The Nordic midwifery conference 2007: 'Midwives guarding the future': Jaana Beversdorf, editor-in-chief of Katilolehti, the Finnish midwifery magazine, describes a meeting of midwives from across the north of Europe.

AuteurBeversdorf, Jaana
TenlasteleggingConference news


'Midwives guarding the future' was the theme of the Nordic Midwifery Congress held 4-6 May this year in Turku, Finland. Over 500 participants from the Nordic countries (Denmark, Finland, Norway and Sweden), Estonia, England and Scotland listened to keynote lectures and took part in sessions, workshops and related activities during three inspiring and sunny days in Turku. There is a historic connection between the former Finnish capital Turku and midwifery: Turku is the city where midwifery training in Finland started in 1816.

Prior to the Congress, the annual meeting of the board of the Nordic Midwives' Association (Nordiska Jordemorforbundet--NJF) was held in Turku on 2-3 May. Hildur Kristjansdottir from Iceland was chosen as the new President of the Association. The President of the Nordic Midwives' Association during 2000-2007 was Asta von Frenckell from Finland. She was also the President of the Nordic Midwifery Congress.

The main themes of the Congress were questions concerning medicalisation of childbirth, ethics in midwifery and the aim to move towards evidence-based care. The message of the congress was that skilled midwives are safeguarding the future.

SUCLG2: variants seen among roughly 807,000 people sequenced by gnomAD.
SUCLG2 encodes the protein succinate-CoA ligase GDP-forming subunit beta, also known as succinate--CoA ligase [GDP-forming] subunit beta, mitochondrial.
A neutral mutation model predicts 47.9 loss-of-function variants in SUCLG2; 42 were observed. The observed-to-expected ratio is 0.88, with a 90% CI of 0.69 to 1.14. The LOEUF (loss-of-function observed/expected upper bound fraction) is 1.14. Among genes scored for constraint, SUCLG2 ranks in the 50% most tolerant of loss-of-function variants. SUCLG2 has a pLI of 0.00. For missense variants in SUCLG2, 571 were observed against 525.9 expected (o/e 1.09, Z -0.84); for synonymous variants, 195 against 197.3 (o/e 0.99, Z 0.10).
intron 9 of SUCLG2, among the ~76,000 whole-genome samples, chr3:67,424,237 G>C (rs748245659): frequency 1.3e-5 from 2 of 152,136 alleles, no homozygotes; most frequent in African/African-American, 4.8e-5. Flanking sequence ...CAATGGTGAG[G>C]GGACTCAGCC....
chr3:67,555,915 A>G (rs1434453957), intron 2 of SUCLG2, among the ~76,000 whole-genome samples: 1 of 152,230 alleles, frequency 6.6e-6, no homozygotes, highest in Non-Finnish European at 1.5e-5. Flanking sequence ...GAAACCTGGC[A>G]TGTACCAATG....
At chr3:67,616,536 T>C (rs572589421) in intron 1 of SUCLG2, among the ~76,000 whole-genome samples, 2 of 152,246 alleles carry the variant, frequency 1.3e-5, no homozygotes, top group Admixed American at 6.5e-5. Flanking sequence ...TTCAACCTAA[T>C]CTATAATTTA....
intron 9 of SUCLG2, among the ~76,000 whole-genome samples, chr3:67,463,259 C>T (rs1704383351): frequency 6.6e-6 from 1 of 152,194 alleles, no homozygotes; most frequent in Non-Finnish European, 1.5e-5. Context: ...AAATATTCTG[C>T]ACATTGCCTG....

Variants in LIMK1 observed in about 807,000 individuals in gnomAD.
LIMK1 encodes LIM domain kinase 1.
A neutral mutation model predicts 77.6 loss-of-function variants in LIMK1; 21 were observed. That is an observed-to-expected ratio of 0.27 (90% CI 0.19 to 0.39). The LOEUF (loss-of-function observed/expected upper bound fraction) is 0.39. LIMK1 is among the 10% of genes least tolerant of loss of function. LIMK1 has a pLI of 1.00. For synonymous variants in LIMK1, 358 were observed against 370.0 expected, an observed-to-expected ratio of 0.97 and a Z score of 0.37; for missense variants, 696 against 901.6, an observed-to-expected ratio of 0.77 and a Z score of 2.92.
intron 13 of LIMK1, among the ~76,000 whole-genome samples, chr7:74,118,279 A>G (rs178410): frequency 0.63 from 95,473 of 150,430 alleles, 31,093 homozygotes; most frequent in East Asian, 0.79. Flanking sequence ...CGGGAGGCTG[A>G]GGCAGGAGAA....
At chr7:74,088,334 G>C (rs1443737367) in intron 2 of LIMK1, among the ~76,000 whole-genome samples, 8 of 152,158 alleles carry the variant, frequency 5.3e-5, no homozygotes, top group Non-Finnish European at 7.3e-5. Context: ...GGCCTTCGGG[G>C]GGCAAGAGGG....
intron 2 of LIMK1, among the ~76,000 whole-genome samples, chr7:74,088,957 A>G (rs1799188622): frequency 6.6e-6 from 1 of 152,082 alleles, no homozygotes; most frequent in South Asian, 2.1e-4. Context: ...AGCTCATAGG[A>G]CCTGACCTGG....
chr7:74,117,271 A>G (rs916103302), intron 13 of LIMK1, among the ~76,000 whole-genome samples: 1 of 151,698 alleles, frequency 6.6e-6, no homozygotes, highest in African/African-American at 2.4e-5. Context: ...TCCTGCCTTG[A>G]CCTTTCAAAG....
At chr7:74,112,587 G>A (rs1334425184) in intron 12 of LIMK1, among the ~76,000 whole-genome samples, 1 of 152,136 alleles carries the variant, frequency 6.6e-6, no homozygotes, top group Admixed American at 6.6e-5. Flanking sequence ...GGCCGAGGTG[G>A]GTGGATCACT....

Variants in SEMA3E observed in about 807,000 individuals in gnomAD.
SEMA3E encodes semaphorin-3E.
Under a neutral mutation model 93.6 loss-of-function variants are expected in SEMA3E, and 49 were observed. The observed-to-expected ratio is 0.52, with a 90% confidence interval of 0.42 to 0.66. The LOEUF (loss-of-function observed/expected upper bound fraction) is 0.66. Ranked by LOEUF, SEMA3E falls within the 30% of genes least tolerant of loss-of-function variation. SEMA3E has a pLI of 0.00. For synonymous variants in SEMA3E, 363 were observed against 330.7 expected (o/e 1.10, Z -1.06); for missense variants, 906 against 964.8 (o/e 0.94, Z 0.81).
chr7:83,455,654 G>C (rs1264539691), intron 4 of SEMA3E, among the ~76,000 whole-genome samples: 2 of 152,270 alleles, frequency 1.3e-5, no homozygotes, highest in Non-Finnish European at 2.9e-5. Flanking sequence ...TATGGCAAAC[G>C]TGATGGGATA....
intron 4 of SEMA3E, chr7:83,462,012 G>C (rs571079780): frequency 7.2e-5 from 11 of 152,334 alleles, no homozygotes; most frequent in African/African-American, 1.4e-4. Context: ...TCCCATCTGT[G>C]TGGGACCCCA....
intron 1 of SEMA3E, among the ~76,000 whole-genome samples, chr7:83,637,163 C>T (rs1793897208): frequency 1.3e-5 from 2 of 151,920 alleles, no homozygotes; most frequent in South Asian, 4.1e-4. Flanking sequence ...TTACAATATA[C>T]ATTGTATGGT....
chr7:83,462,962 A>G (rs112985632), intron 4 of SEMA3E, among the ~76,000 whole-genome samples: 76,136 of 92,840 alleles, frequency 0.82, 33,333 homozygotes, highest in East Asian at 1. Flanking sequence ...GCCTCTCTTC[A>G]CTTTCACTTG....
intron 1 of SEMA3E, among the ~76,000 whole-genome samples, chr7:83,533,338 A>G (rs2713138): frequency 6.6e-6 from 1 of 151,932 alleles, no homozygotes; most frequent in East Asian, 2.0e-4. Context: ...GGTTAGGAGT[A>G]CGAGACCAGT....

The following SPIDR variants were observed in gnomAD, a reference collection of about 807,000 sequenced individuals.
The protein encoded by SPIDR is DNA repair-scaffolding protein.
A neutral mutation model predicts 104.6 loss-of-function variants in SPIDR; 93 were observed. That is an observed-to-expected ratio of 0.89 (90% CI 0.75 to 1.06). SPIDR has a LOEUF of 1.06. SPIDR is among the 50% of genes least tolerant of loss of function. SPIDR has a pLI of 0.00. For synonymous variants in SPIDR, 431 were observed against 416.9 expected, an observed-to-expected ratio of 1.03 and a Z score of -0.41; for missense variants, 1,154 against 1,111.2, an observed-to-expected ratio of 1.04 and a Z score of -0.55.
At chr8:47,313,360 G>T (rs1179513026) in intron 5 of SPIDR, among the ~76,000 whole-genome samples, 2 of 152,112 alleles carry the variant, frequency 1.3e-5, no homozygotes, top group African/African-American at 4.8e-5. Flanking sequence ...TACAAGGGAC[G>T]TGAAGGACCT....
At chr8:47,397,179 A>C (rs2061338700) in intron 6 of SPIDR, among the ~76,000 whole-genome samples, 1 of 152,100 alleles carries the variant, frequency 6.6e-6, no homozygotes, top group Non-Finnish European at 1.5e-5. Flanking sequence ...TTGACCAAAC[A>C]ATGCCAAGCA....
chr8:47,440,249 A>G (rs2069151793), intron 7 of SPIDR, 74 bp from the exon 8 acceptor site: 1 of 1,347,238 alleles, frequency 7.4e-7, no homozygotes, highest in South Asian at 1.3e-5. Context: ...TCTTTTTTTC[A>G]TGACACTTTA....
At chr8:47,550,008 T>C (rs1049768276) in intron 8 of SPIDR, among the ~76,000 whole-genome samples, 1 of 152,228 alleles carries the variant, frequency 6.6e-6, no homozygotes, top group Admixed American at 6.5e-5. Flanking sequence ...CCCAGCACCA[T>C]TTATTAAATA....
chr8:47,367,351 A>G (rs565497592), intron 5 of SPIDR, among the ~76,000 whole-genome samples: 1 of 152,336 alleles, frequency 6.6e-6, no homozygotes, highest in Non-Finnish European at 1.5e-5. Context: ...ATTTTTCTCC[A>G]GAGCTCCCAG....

The Congress Scientific Committee received well over 100 abstracts. They were evaluated by using criteria such as: the relevance and topicality of the study for midwifery; how the study was carried out methodologically; the novelty value of the results; the clinical relevance of the results; and the clarity and readability of the abstract.

The final Congress programme included a total of 68 oral presentations in 20 parallel sessions. The themes of the oral presentation sessions varied from 'the professional self-image of midwifery students' through 'the self-monitoring of fetal movements by expectant mothers' to 'father-infant physical contact after a caesarean section'. There was also a poster exhibition of 23 posters with themes varying from 'history of midwifery' to 'experiences in breast-feeding'. Some topics from the oral presentations or from the keynote lectures were further discussed in five workshops. Throughout the Congress, the spirit among the participants was extremely enthusiastic and empowering.

The invited keynote speakers of the congress were Dr Marianne Mead and Professor Shirley R Jones from England, Dr Ann-Kristin Sandin-Bojo from Sweden, and Professor Katri Vehvilainen-Julkunen and PhD-student Johanna Sarlio from Finland.

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